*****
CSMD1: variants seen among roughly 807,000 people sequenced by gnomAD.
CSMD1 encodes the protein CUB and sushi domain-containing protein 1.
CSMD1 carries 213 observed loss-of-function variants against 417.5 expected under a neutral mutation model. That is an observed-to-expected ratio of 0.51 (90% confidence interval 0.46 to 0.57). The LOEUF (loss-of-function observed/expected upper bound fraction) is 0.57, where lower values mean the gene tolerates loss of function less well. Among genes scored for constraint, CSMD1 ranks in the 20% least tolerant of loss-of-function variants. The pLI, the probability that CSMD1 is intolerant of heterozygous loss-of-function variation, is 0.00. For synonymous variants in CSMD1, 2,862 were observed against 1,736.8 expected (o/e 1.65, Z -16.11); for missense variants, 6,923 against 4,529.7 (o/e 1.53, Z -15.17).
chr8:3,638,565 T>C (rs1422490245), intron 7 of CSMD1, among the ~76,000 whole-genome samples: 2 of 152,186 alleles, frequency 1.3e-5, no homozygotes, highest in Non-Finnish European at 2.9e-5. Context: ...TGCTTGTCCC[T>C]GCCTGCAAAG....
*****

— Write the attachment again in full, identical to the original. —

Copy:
CSMD1: variants seen among roughly 807,000 people sequenced by gnomAD.
CSMD1 encodes the protein CUB and sushi domain-containing protein 1.
CSMD1 carries 213 observed loss-of-function variants against 417.5 expected under a neutral mutation model. That is an observed-to-expected ratio of 0.51 (90% confidence interval 0.46 to 0.57). The LOEUF (loss-of-function observed/expected upper bound fraction) is 0.57, where lower values mean the gene tolerates loss of function less well. Among genes scored for constraint, CSMD1 ranks in the 20% least tolerant of loss-of-function variants. The pLI, the probability that CSMD1 is intolerant of heterozygous loss-of-function variation, is 0.00. For synonymous variants in CSMD1, 2,862 were observed against 1,736.8 expected (o/e 1.65, Z -16.11); for missense variants, 6,923 against 4,529.7 (o/e 1.53, Z -15.17).
chr8:3,638,565 T>C (rs1422490245), intron 7 of CSMD1, among the ~76,000 whole-genome samples: 2 of 152,186 alleles, frequency 1.3e-5, no homozygotes, highest in Non-Finnish European at 2.9e-5. Context: ...TGCTTGTCCC[T>C]GCCTGCAAAG....